A Young Girl's Wooing by Edward Payson Roe
Chapter XXXI. Checkmate
"Well," exclaimed Mrs. Muir, when they appeared at last; "I thought you and Madge had eloped!"
"We are going to to-morrow by first train," said the young girl. "Henry says he must return to town for the day, and I shall accompany him to do some shopping."
"Now, Henry, this is too bad, and I've scarcely seen you this evening."
"I'm truly sorry, Mary; I did look forward to a good quiet day with you, but there is an important matter which I neglected to see to to-day, and which must be attended to. Graydon will soon be ready to relieve me a great deal."
"Well, I shall be glad when he can do something besides waiting on Mr. Arnault's convenience for the privilege of seeing Miss Wildmere. It will be a terribly long, fatiguing day for you, Madge--for you both, indeed!"
"Oh, I shan't mind it in the least! It won't be half so fatiguing as one of my long rides. You spoke of wanting some things, and I can shop for you, too."
Mrs. Muir had long since given up the idea of objecting seriously to anything for which business was the alleged reason. The chance to do some shopping by proxy soon occupied her mind, and when Miss Wildmere took occasion to pass and repass, the only apparent topic of interest in the Muir group was the prospect of purchasing some expensive goods.
Madge retired early to prepare for her journey. Mrs. Muir soon followed, and her husband remarked that he would merely remain down long enough to write a note to Graydon. This missive was brief, but was charged with dynamite.
On the morrow, long before Miss Wildmere waked from the golden dreams which that day should realize, Madge and Mr. Muir were on their way to the city. The young girl had said: "Don't let us do anything by halves. I have read that in the crisis of a battle timid measures are often fatal. Let me give you everything that you can use as collateral. How much is there?"
"Sixty thousand available at once. As I have said, you shall have your own way."
"Well, for once a woman is wiser than Solomon."
They went immediately to the trust company which had her property in keeping, and, having complied with the forms, obtained the entire sum, then parted on Broadway, to rendezvous at the train. Mr. Muir gave the radiant girl a look which she valued more than the money. He then went to his bank. The official whom he accosted had been rather cold and shy of late, but when he received the securities he grew perceptibly urbane.
On reaching his office Mr. Muir found that a transaction which had been greatly delayed was now consummated, and that another ten thousand in cash was available. This also was sent to the bank at once. Several business men were present when a confidential clerk from Arnault appeared, and asked for a private interview.
"Well, really you must excuse me to-day. I'm very busy, and expect to leave town in an hour or two. Please state what you have to say in few words, or else I will see you next week."
"Mr. Arnault," began the clerk, in a metallic tone, "says that he is compelled to call in the loan he recently made you."
"Oh, certainly, certainly! Have you the securities I gave him as collateral?"
"No, sir, but I can get them," said the man.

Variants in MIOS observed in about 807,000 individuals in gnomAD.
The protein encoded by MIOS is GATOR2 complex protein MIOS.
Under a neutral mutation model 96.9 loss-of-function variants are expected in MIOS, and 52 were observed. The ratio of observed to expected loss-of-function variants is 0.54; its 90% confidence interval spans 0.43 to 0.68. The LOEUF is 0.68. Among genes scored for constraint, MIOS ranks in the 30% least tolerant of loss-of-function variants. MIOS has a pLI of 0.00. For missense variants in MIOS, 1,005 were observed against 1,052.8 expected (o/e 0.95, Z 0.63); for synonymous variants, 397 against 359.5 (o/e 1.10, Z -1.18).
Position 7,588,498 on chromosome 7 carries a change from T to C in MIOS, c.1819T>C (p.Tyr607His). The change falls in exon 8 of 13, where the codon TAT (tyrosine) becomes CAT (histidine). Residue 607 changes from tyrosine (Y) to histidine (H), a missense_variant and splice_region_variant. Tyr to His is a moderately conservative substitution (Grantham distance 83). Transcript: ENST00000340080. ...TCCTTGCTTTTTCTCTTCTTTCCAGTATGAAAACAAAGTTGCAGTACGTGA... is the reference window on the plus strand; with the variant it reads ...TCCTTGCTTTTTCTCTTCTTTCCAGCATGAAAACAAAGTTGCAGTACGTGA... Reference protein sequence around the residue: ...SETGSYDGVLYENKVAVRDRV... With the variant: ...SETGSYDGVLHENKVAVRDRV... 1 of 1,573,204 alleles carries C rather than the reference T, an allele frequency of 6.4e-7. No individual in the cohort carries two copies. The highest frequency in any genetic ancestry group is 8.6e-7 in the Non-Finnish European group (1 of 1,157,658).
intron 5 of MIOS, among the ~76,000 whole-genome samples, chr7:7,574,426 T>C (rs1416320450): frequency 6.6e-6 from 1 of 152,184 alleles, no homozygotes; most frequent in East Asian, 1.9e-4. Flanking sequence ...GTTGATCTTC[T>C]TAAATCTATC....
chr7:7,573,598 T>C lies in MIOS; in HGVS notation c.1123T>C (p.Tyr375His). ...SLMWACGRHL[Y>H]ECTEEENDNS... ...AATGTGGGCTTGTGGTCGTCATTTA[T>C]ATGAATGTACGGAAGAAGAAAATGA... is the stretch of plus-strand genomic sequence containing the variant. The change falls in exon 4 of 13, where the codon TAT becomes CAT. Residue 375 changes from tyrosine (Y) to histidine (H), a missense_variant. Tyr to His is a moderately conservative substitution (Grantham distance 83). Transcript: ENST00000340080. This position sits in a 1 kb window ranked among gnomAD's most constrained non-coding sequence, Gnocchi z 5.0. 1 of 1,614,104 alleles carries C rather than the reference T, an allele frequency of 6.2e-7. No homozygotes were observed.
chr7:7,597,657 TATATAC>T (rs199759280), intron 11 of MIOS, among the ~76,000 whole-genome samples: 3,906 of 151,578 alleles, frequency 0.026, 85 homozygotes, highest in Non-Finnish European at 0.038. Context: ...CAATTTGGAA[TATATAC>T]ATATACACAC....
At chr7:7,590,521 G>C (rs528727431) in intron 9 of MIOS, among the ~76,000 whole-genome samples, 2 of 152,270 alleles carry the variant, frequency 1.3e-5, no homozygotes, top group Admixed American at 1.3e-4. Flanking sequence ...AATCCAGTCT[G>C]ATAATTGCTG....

"Do so, and I will give you my check. Thank Mr. Arnault for the accommodation, and say I have thirty or forty thousand to spare should he be hard pressed. Be quick."
The Wall Street men present looked at one another significantly, and one of them remarked, "You are forehanded for these times, Muir."
"If this absurd lack of confidence would only pass," was the careless reply, "I should have more money on hand than I could invest profitably;" and then he appeared absorbed in other matters.
Arnault received the message from his clerk with something like dismay, and turning on Mr. Wildmere, who was present, he said, almost savagely, "You have been misleading me."
"Indeed I have not, sir--not intentionally. I can't understand it."
"Well, I can. Muir is an old fox in business. I was a fool to think that a paltry thirty thousand would trouble him. Well, there is nothing to do but to close the matter up."
"What, in regard to my daughter?" said Mr. Wildmere, inadvertently.
"Oh, no; confound it! What has she got to do with this affair?" replied Arnault, with an irritation that he could not disguise. "I certainly have made Miss Wildmere a fair offer; some would regard it as more. I shall go up to-night and receive her answer, as I promised. I am one who never fails in a promise to man or woman, and I am ready to make good all that I have authorized you to say to your daughter, and more."
"Let me add," said Mr. Wildmere, with some assumption of dignity, "that as far as I have influence it is absolutely yours. I have ever prided myself on my fidelity to those who trust me."
"Thanks," replied Arnault, with a little menacing coldness in his tone. "I hope I shall have proof of the fact this evening. If so, all shall go swimmingly."
Poor Wildmere bowed himself out with trepidation at heart, and Arnault followed him with a dark look, muttering, "Let them both beware."
Mr. Muir met Madge at the depot, and was quietly jubilant. Both laughed heartily over the experiences of the day.
"You are a blessed little woman, Madge. I was never so off my balance before in my life as I was last night. When confused and upset, it is one of my impulses to stick to some principle of right, like a mule. Bless you, I think I have secured you twice over! I have given you a lien on property worth two hundred thousand in ordinary times."
"You have taught me to lean on you once more, Henry, and that is worth more than all your other liens."
Mr. Arnault now appeared, and came affably forward, saying, "I am glad my enforced action did not incommode you to-day."